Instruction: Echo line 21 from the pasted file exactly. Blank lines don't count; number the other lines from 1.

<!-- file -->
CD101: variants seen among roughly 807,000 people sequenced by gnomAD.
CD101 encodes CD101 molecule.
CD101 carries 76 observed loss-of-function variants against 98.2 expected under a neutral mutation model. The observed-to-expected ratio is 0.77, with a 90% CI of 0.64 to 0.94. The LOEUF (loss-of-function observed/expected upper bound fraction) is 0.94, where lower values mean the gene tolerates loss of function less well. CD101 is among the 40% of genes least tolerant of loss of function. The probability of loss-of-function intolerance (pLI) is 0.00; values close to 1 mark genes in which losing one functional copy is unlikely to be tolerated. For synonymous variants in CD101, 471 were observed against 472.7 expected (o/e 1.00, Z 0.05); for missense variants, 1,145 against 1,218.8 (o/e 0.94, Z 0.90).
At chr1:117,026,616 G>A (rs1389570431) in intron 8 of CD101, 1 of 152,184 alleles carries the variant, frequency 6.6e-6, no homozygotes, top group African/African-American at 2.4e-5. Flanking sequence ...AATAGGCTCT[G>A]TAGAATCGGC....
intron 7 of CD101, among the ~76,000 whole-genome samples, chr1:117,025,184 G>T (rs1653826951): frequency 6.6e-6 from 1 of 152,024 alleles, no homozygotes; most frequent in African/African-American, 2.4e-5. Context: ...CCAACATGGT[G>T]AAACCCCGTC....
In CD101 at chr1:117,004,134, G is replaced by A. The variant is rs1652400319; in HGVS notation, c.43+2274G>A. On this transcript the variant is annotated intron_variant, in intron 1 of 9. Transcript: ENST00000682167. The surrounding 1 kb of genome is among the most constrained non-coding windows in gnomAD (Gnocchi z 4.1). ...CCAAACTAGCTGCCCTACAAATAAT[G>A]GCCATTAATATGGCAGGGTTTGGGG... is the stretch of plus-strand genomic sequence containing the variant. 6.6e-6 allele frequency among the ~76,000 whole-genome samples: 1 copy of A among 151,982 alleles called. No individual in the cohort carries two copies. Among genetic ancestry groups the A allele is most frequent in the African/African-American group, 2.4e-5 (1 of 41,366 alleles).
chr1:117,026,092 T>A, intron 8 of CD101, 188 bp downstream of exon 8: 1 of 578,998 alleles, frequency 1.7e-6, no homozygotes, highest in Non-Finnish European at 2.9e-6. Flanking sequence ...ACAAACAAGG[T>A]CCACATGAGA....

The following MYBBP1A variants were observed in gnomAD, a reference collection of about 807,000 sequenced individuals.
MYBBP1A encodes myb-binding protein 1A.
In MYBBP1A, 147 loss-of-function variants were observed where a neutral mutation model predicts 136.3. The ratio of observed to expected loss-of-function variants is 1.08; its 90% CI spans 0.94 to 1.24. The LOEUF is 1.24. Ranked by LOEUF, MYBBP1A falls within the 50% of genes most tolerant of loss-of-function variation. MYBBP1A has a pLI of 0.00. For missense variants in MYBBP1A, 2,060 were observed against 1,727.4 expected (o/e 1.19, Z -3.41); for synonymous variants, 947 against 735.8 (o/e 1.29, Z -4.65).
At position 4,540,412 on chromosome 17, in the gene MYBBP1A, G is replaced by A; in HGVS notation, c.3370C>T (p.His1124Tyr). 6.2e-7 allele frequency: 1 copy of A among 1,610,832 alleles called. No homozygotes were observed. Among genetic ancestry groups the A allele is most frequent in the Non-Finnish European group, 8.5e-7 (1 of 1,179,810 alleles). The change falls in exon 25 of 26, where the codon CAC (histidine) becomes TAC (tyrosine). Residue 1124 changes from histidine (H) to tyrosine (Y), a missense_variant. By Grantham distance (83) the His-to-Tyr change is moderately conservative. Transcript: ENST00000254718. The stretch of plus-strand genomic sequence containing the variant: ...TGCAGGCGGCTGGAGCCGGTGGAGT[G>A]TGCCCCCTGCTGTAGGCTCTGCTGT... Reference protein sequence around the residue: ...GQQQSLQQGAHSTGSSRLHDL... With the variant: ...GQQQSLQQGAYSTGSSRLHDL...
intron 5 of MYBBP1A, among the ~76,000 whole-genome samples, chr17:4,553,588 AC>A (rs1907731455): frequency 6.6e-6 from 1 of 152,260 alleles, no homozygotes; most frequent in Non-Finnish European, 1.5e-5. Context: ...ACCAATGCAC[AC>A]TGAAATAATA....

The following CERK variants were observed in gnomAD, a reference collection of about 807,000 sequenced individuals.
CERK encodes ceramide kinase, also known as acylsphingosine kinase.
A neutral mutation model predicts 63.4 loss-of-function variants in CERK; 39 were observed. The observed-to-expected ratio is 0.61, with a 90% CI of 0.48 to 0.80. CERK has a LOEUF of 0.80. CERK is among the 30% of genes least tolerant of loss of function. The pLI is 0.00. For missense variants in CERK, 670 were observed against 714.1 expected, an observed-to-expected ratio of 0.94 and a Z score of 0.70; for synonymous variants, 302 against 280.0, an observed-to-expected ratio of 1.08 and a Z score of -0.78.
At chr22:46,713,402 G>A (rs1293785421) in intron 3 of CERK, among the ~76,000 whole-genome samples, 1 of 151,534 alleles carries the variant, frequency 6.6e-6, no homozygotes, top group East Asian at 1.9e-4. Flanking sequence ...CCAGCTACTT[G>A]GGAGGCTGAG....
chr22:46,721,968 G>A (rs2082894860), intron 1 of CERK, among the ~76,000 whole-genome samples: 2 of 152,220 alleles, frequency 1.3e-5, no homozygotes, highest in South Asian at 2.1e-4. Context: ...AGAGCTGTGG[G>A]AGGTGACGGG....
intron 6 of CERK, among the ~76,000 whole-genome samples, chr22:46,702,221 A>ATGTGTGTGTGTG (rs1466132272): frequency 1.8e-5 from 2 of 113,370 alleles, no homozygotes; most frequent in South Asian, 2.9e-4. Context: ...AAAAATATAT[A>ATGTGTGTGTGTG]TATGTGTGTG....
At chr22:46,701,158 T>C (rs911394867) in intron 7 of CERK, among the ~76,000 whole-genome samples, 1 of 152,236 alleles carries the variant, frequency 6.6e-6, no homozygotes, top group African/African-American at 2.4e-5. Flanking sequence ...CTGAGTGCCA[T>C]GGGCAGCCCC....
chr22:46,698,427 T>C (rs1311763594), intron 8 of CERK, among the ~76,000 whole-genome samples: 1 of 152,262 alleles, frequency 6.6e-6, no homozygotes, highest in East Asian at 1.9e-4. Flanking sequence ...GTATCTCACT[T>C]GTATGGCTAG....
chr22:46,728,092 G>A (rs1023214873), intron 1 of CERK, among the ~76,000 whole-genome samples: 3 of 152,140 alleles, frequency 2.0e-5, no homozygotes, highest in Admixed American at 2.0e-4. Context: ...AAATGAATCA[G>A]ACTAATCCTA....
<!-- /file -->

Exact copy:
chr22:46,728,092 G>A (rs1023214873), intron 1 of CERK, among the ~76,000 whole-genome samples: 3 of 152,140 alleles, frequency 2.0e-5, no homozygotes, highest in Admixed American at 2.0e-4. Context: ...AAATGAATCA[G>A]ACTAATCCTA....